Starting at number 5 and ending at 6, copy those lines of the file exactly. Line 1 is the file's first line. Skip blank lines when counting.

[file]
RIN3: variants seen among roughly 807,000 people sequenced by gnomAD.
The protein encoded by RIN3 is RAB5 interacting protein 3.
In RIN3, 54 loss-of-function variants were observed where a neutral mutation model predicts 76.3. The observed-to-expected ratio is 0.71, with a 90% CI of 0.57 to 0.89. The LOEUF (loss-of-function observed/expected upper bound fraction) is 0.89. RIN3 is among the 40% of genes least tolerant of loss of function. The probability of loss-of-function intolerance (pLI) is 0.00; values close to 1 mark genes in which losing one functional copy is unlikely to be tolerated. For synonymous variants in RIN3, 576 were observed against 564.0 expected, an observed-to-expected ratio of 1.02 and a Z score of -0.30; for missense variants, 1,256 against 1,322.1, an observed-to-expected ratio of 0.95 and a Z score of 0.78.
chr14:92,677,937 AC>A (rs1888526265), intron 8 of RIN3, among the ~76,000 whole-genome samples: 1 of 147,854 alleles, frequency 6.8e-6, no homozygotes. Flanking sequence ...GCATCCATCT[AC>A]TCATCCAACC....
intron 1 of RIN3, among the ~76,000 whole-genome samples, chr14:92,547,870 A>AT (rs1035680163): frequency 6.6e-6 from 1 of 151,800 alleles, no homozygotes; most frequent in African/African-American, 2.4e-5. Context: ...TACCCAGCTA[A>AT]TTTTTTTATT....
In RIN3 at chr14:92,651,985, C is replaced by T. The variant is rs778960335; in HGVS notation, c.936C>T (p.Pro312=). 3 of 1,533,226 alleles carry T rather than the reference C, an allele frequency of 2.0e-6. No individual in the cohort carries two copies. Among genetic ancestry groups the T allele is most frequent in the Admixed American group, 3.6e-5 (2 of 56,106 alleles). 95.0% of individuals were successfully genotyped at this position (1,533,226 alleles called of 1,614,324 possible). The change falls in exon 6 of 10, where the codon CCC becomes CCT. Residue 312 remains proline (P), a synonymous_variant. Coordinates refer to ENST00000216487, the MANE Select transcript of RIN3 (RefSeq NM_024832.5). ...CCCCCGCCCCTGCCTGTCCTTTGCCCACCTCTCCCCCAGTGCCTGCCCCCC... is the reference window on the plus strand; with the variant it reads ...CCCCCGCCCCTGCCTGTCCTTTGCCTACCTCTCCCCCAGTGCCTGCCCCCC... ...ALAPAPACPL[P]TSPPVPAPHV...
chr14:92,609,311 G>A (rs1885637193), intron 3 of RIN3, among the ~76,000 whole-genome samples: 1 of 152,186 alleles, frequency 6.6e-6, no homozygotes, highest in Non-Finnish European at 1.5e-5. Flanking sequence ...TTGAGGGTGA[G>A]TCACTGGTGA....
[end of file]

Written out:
intron 1 of RIN3, among the ~76,000 whole-genome samples, chr14:92,547,870 A>AT (rs1035680163): frequency 6.6e-6 from 1 of 151,800 alleles, no homozygotes; most frequent in African/African-American, 2.4e-5. Context: ...TACCCAGCTA[A>AT]TTTTTTTATT....
In RIN3 at chr14:92,651,985, C is replaced by T. The variant is rs778960335; in HGVS notation, c.936C>T (p.Pro312=). 3 of 1,533,226 alleles carry T rather than the reference C, an allele frequency of 2.0e-6. No individual in the cohort carries two copies. Among genetic ancestry groups the T allele is most frequent in the Admixed American group, 3.6e-5 (2 of 56,106 alleles). 95.0% of individuals were successfully genotyped at this position (1,533,226 alleles called of 1,614,324 possible). The change falls in exon 6 of 10, where the codon CCC becomes CCT. Residue 312 remains proline (P), a synonymous_variant. Coordinates refer to ENST00000216487, the MANE Select transcript of RIN3 (RefSeq NM_024832.5). ...CCCCCGCCCCTGCCTGTCCTTTGCCCACCTCTCCCCCAGTGCCTGCCCCCC... is the reference window on the plus strand; with the variant it reads ...CCCCCGCCCCTGCCTGTCCTTTGCCTACCTCTCCCCCAGTGCCTGCCCCCC... ...ALAPAPACPL[P]TSPPVPAPHV...